Visiting the Buda Castle.
For the first time is always a memorable experience: looking out from the Fisherman’s Bastion, you find yourself perched high above a modern city, with ‘fairytale’ towers around you, having walked through beautiful cobble streets to get there. Once experienced, it won’t come as any surprise to hear that the locals of Budapest love strolling within the Castle District just as much as the tourists do. And neither will it be surprising to learn that this castle, the most famous castle in Budapest, is also an official UNESCO World Heritage Site.
But why does this relatively small district inspire such positive reactions?
Three Icons of the Budapest Skyline:
The Fisherman’s Bastion.
This famous collection of turrets, ramparts and arches, provides some of the most spectacular views there is of Budapest.
The Royal Palace.
The baroque, 18th Century Royal Palace stands upon the site of the original Hungarian castle built here in 1265. Within its confines are located the National Gallery, the Budapest History Museum and the National Library, and as with the Fisherman’s Bastion, it’s a joy to wander the ramparts here, taking in views of the Danube, the bridges of Budapest, the Citadel in the distance and the grandeur of the Royal Palace itself.
Another iconic focal point of the Buda skyline, this Late Gothic church is stunning from afar, and dazzling up-close. Genuinely, rich in both history and beauty, (with some fantastic artwork in stained glass and ceramic roof tile), the church is well-worth a step inside. Viewed from Pest or during a boat trip, the church is especially enchanting when lit up at night.
Entering the Castle:
There are a number of routes into the castle, but here are the three most enjoyable:
Entering via the Buda Castle Funicular railway. Up the side of the hill! It takes you up from Adam Clark Square and the Chain Bridge. The view and mode of transport makes for a memorable little trip.
Entering via the Viennese Gate. (By bus or on foot.) On foot, it is the starting point of a gentle stroll through some pleasant streets. Past the beautiful glazed tiles of the National Archive building, this entrance is also an interesting choice, because the route is a little deceptive. The streets within the Castle are flat, but as they lead to the Fisherman’s Bastion, the horizons suddenly begin to open out and the visitor realizes just how high above the city she or he is.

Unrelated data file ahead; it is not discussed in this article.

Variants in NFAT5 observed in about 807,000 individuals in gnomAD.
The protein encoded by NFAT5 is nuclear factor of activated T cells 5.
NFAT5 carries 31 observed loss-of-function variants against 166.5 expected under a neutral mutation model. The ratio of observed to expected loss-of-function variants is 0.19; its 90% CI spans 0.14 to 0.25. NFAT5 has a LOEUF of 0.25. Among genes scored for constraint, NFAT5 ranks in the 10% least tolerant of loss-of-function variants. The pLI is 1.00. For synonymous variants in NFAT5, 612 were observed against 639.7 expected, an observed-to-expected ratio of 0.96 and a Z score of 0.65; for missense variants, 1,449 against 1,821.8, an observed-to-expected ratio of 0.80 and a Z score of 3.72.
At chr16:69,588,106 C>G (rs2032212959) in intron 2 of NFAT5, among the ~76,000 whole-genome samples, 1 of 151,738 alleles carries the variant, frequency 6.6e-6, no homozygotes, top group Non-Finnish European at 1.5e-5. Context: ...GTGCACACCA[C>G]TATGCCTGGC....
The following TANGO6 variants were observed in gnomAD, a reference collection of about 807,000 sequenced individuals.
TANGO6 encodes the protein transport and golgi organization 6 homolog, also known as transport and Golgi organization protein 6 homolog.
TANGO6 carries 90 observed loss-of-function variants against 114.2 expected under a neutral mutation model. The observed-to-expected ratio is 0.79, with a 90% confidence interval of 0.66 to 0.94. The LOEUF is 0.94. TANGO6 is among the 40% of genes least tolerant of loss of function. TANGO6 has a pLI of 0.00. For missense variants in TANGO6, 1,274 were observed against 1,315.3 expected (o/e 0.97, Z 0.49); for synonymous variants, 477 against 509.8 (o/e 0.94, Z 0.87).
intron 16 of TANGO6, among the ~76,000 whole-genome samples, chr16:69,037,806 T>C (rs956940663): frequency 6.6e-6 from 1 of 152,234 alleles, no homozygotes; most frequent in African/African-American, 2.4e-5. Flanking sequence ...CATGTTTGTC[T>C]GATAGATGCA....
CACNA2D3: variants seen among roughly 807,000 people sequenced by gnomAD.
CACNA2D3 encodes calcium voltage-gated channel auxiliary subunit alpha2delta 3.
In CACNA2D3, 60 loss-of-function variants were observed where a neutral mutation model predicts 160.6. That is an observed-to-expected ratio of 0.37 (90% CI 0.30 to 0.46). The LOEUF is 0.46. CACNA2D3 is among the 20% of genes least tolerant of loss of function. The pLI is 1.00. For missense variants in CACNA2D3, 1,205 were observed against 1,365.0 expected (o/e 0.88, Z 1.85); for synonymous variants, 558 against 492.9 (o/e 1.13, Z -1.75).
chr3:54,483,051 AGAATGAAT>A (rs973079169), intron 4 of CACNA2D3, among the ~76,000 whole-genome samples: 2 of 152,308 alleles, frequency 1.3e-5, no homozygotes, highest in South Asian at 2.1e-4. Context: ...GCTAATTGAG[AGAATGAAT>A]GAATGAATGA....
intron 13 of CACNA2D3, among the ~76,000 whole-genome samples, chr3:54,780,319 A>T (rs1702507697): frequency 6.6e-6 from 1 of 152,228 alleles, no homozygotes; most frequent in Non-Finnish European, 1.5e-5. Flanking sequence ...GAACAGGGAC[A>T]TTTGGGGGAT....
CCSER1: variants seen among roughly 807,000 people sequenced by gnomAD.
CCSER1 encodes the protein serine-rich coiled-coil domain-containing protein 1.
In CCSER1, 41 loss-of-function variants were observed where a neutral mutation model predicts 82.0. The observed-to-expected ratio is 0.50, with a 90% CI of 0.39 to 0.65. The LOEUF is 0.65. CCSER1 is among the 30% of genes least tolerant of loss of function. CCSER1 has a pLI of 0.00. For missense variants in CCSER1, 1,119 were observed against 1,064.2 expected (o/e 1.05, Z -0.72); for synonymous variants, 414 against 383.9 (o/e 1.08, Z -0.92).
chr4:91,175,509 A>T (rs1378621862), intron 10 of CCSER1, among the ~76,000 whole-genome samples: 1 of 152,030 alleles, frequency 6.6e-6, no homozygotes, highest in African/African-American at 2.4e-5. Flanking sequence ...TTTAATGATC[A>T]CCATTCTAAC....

Entering via the Fisherman’s Bastion. If you choose to enter via this route, it does involve quite a lot of steps and may be too strenuous for some, but there is a genuine sense of mounting anticipation as you near the top.
Within the Castle District:
With its baroque memorial to the 17th Century plague victims, you might envisage the Trinity Square being a sad, somber place. In fact, it’s a wonderful center within the Castle District. Dominated by the Matthias Church and Fisherman’s Bastion, it is also in close proximity to a number of cafes, restaurants, wine cellars and bakeries.
The President’s Palace (Alexander Palace)
In close proximity to the Funicular Railway, the President’s Palace is popular with visitors as there is an hourly changing of the guard ceremony. The times for the changing of the guards are usually as follows: Starting every day from 8.30 am to 5 pm, the change occurs every hour. (For example 9am, 10am etc.) Please note that times may vary for days of national celebration.
Art Galleries and Statues